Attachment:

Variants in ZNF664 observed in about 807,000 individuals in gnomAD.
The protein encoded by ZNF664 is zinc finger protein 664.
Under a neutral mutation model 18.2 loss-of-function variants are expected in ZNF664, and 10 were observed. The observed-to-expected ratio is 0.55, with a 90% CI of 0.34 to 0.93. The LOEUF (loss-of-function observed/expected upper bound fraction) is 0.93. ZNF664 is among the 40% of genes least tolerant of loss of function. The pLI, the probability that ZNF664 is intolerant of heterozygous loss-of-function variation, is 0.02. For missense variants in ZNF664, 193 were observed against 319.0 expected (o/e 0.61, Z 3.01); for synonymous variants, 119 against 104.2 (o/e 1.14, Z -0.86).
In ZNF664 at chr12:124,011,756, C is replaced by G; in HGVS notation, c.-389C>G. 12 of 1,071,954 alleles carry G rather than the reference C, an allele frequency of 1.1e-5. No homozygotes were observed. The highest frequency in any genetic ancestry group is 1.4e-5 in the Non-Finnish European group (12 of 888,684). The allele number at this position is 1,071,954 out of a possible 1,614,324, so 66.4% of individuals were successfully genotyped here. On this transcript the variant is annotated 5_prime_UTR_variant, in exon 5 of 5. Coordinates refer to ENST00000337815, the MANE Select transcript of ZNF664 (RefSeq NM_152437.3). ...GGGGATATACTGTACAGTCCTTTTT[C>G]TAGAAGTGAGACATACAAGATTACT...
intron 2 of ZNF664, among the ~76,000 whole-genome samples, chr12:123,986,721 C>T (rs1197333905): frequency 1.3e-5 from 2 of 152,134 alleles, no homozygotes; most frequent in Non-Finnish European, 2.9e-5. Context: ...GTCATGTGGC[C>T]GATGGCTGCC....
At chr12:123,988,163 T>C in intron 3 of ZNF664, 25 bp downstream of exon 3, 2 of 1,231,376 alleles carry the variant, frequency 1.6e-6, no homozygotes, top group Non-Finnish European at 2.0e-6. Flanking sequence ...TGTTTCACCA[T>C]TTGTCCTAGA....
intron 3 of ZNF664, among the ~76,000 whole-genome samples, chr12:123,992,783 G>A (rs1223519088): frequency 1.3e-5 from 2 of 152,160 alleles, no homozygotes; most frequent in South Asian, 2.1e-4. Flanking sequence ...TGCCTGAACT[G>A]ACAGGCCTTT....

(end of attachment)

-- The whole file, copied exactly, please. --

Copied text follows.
Variants in ZNF664 observed in about 807,000 individuals in gnomAD.
The protein encoded by ZNF664 is zinc finger protein 664.
Under a neutral mutation model 18.2 loss-of-function variants are expected in ZNF664, and 10 were observed. The observed-to-expected ratio is 0.55, with a 90% CI of 0.34 to 0.93. The LOEUF (loss-of-function observed/expected upper bound fraction) is 0.93. ZNF664 is among the 40% of genes least tolerant of loss of function. The pLI, the probability that ZNF664 is intolerant of heterozygous loss-of-function variation, is 0.02. For missense variants in ZNF664, 193 were observed against 319.0 expected (o/e 0.61, Z 3.01); for synonymous variants, 119 against 104.2 (o/e 1.14, Z -0.86).
In ZNF664 at chr12:124,011,756, C is replaced by G; in HGVS notation, c.-389C>G. 12 of 1,071,954 alleles carry G rather than the reference C, an allele frequency of 1.1e-5. No homozygotes were observed. The highest frequency in any genetic ancestry group is 1.4e-5 in the Non-Finnish European group (12 of 888,684). The allele number at this position is 1,071,954 out of a possible 1,614,324, so 66.4% of individuals were successfully genotyped here. On this transcript the variant is annotated 5_prime_UTR_variant, in exon 5 of 5. Coordinates refer to ENST00000337815, the MANE Select transcript of ZNF664 (RefSeq NM_152437.3). ...GGGGATATACTGTACAGTCCTTTTT[C>G]TAGAAGTGAGACATACAAGATTACT...
intron 2 of ZNF664, among the ~76,000 whole-genome samples, chr12:123,986,721 C>T (rs1197333905): frequency 1.3e-5 from 2 of 152,134 alleles, no homozygotes; most frequent in Non-Finnish European, 2.9e-5. Context: ...GTCATGTGGC[C>T]GATGGCTGCC....
At chr12:123,988,163 T>C in intron 3 of ZNF664, 25 bp downstream of exon 3, 2 of 1,231,376 alleles carry the variant, frequency 1.6e-6, no homozygotes, top group Non-Finnish European at 2.0e-6. Flanking sequence ...TGTTTCACCA[T>C]TTGTCCTAGA....
intron 3 of ZNF664, among the ~76,000 whole-genome samples, chr12:123,992,783 G>A (rs1223519088): frequency 1.3e-5 from 2 of 152,160 alleles, no homozygotes; most frequent in South Asian, 2.1e-4. Flanking sequence ...TGCCTGAACT[G>A]ACAGGCCTTT....